Saturday, October 20, 2018

bitte für uns

 Mechthild of Magdeburg writes of the oddness of presence and absence. 
God’s Absence  
Ah blessed absence of God,
How lovingly I am bound to you!
You strengthen my will in its pain
And make dear to me
The long hard wait in my poor body.
The nearer I come to you,
The more wonderfully and abundantly
God comes upon me.
In pride, alas, I can easily lose you,
But in the depths of pure humility, O Lord,
I cannot fall away from you.
For the deeper I fall, the sweeter you taste.

- Mechthild of Magdeburg
Translated by Oliver Davies. From Beguine Spirituality: Mystical Writings of Mechthild of Magdeburg, Beatrice of Nazareth, and Hadewijch of Brahant.
How sweet the falling away!

How bitte für uns the arrival!


nineteen years ago
I fell asleep —

has been the same
nor changed

Friday, October 19, 2018

into fresh air

I left prison today

A better man
For having

Been there

Thursday, October 18, 2018

worst of all possible worlds


Kant would say human dignity is compromised.

America will have to decide.

The future is behind us.

Wednesday, October 17, 2018

nothing to do but see

In waiting room waiting for surgery and wound healing to empty chairs where 87 year old man in orange baseball cap runs commentary on who comes in who goes out, his red suspenders and red Nike sneakers matching, his impatience toned a little by 77 year old wife whose walker is parked before them as when he told his sitting neighbor she has something not curable, now 10 minutes to eleven (tsk tsking) “we’re still here” as receptionist opens door, looks around, goes back in alone.
Another Elegy ["This is what our dying looks like"]
This is what our dying looks like.
You believe in the sun. I believe
I can't love you. Always be closing,
Said our favorite professor before
He let the gun go off in his mouth.
I turned 29 the way any man turns
In his sleep, unaware of the earth
Moving beneath him, its plates in
Their places, a dated disagreement.
Let's fight it out, baby. You have
Only so long left—a man turning
In his sleep—so I take a picture.
I won't look at it, of course. It's
His bad side, his Mr. Hyde, the hole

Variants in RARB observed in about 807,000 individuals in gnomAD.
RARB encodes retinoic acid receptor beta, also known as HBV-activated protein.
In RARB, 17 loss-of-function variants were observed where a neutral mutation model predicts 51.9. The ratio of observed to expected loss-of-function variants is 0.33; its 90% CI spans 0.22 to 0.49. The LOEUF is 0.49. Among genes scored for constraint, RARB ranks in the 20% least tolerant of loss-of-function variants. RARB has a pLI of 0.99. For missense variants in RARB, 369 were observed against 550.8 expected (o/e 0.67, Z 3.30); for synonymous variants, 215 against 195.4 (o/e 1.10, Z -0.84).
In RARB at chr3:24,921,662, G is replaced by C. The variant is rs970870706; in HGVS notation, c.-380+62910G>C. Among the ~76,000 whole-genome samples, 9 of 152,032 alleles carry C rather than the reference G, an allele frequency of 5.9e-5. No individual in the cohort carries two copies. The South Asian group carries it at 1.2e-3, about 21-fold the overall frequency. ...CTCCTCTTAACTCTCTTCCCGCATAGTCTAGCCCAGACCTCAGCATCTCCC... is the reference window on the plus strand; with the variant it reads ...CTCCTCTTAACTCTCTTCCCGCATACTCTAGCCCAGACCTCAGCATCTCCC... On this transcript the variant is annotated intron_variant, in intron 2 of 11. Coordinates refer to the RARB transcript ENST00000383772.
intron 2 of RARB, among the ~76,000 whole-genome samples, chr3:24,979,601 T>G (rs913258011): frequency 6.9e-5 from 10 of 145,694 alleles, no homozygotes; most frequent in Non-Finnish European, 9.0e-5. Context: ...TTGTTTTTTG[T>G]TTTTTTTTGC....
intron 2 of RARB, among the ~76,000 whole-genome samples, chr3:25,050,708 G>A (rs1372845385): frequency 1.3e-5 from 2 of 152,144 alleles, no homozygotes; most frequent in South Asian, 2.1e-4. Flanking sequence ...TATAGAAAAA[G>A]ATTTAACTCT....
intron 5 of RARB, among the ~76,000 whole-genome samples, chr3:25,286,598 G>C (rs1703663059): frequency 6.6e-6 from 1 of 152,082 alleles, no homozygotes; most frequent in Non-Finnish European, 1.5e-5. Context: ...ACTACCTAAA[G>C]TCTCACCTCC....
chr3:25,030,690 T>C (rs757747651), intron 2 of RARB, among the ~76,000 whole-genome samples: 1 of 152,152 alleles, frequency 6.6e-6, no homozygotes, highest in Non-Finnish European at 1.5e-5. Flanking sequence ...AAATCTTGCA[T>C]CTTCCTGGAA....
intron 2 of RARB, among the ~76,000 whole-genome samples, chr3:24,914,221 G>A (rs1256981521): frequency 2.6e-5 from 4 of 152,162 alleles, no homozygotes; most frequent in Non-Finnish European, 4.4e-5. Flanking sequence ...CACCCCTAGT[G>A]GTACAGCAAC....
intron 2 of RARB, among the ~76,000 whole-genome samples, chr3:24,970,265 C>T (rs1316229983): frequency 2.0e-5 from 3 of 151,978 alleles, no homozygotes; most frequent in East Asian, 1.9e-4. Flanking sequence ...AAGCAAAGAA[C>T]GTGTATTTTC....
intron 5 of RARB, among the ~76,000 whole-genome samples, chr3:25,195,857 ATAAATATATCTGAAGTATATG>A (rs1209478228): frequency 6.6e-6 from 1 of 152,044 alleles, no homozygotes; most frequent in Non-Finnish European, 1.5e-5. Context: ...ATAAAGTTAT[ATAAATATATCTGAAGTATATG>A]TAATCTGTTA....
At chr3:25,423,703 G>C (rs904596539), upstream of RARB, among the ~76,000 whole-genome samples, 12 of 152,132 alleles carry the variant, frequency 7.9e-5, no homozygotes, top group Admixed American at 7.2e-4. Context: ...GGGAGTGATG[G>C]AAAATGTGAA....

In a husband's head, the O
Of his wife's mouth. Every night,
I take a pill. Miss one, and I'm gone.
Miss two, and we're through. Hotels
Bore me, unless I get a mountain view,
A room in which my cell won't work,
And there's nothing to do but see
The sun go down into the ground
That cradles us as any coffin can. 
Jericho Brown, "Another Elegy (”This is what our dying looks like”)" from The New Testament. Copyright © 2014 by Jericho Brown.  Reprinted by permission of Copper Canyon Press.Source: The New Testament (Copper Canyon Press, 2014)
These interior offices without windows.

These doors opening.

These elderly folk just sitting facing another door that says, 
Not An Exit 
For Privacy

Please keep door closed 
Thank you.
“I don’t know,” he says, not so happy as someone else goes in they have not been taken.

Tuesday, October 16, 2018

see truth in fragments

If truth is what is, then to be post-truth is to not exist.
Satyagraha, literally translated as “holding fast to truth,” obliged protesters to “always keep an open mind and be ever ready to find that what we believed to be truth was, after all, untruth.” Gandhi recognized early on that societies with diverse populations inhabit a post-truth age. “We will never all think alike and we shall always see truth in fragments and from different angles of vision,” he wrote. And even Gandhi’s harshest detractors do not deny that he steadfastly defended, and eventually sacrificed his life for, many values under assault today—fellow-feeling for the weak, and solidarity and sympathy between people of different nations, religions, and races.   
(— from,  Gandhi for the Post-Truth Age, by By Pankaj Mishra, the New Yorker, 22oct18)
There are many who run from truth.
Who flee existence.
These dwell is delusion.
With no place to stand, sit, or walk calmly away.

Monday, October 15, 2018

because they are me also

“Jesus didn’t come to make us rich.” says Chris Hedges.

He mentions Antonio Gramsci (1891-1937). I find the following: